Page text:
One day, it was a Super-Bowl Sunday of sorts- I had been working from 10 am to 6pm, the prime hours for Sunday business at a grocery. I saved my breaks for the last hour of my shift. We would get two fifteen minute breaks; which I extended to twenty minutes each, due to close reading of the union handbook (I emphasize: CLOSE READING). I was just about to punch back in and punch back out for my second break when an irate manager came up to me, he told me to get my ass up front, they needed me there. What was I doing, said his hands hanging in the air, spread wide. He asked me if I heard the calls over the intercom: “Terry service 90, Terry service 90, we need you up front”. I told him I had, but I was in the back relaxing and eating food on my break- it was great. I told him he could do the work just as well as I could. He should try it- he wasn’t on his break relaxing. That’s when the he lost it. His eyes squinted in disbelief, taller than me he stood, grey beard, old, heart-attack serious. Fuck, this was a moment. I waited for his reaction. Then he said it: “if you don’t like it quit.”
After some efforts and trying, I eventually quit. He really changed my mind. At first it was hard, it seemed impossible as everyone had told me. I was insecure, scared, and generally tied down by my fears. Would I be able to make rent, find another job, pay my bills?!?!?! These fears were that of the unknown, what these other people who worked in this huge corporation had told me. Oddly, the same people who complained about their mistreatment by this corporation were the ones defending it, keeping it alive in a way. I thought to myself why? I wondered if they thought it was worse to do something they hated just so they could exist, rather than to quit and look for something better elsewhere, a new life. I imagine if I were looking for apples and I couldn’t find them under one specific tree I would starve to death with that kind of ideology.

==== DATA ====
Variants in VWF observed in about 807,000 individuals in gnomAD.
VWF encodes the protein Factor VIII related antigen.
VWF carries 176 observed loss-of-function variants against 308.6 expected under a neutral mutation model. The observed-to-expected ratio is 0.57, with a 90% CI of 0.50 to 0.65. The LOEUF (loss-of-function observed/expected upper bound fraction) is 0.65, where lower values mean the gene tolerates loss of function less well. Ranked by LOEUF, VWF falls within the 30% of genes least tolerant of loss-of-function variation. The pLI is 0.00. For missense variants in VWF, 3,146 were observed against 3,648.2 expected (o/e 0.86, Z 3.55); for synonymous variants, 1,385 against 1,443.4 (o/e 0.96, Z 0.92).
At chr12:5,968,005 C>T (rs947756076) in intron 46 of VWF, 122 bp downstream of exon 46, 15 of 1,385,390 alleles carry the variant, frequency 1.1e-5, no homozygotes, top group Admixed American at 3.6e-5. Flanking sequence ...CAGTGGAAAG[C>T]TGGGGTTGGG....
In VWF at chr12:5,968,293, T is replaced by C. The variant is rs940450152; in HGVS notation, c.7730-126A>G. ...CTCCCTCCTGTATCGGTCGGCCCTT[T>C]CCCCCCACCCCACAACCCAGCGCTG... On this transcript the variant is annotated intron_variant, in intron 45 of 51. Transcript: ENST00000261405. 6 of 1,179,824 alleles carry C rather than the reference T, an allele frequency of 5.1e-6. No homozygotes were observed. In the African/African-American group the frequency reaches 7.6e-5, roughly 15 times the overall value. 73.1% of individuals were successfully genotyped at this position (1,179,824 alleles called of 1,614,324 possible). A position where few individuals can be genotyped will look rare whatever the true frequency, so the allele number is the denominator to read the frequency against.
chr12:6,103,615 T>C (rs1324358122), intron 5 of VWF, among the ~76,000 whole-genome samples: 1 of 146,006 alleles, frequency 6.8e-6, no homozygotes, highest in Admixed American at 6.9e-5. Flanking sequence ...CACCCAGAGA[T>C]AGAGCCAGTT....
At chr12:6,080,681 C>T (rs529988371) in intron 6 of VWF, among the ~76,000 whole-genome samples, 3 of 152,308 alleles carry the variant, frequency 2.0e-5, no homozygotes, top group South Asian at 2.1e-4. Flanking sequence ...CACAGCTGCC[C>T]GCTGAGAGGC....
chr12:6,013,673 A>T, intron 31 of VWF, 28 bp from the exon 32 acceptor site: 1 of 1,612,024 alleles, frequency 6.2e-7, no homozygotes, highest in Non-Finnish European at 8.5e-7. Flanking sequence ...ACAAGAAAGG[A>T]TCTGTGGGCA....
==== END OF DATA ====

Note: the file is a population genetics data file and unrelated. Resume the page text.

I am sure some people love working where they work. I am certain some people believe they have no other option, or they have it made, or they have to do it to do it. Yet, I wonder if they look at the bigger picture.
What I learned from quitting this job has helped me shape my life. When someone tells me I can’t do something, or it is impossible, or it is scary, I want to do it more. What do people who don’t have to face fear know about fear? Moreover, I won’t ask an artist how to perform open-heart surgery, because what do they know about it?
Walter White said it best: “What I came to realize is that fear, that’s the worst of it. That’s the
real enemy. So, get up, get out in the real world and you kick that bastard as hard you can right in the teeth.”
My tooth fell out in April of 2013, while eating buffalo chicken pretzels I bought on a whim, I took a risk. I realized the only way I could get dental insurance now (being 25, close to 26) was to either a.) Acquire a real job, or b.) Go back to school.
At the time I was working in the back of a kitchen in NE Minneapolis getting yelled at while generally getting paid in peanuts, oh, and there was not advancement. I barely made rent, what was left I scrounged food. I told them to move me up. They told me I could find the door. Essentially I wanted more. I took the risk, dropped the $80 University application fee, called various numbers, and was later accepted. Had I thought: I can’t do this I don’t know where I will be, the last year of my life would have never happened. The education and advancement I have learned at the U I will carry with me for the rest of my life. The week after I got into the U I was offered a job at the U. A week later my new job gave me the keys, and I immediately quit the kitchen; they were surprised. It was their way of keeping people down. It was an easy way to walk out.
If you don’t like your job, quit your job. If you enjoy your job, keep your job. Never fear something because others tell you to fear it. Make your own observations, because most of what you “know” is one person’s observation, from a unique and varied perspective. Be scientific; observe. Be logical, without money you won’t die. If you are surrounded by people telling you “no”, “you can’t”, “you won’t”, “you shouldn’t”, let them take their own advice. See how far they go. Get out and challenge yourself, take risks. Otherwise what do you do?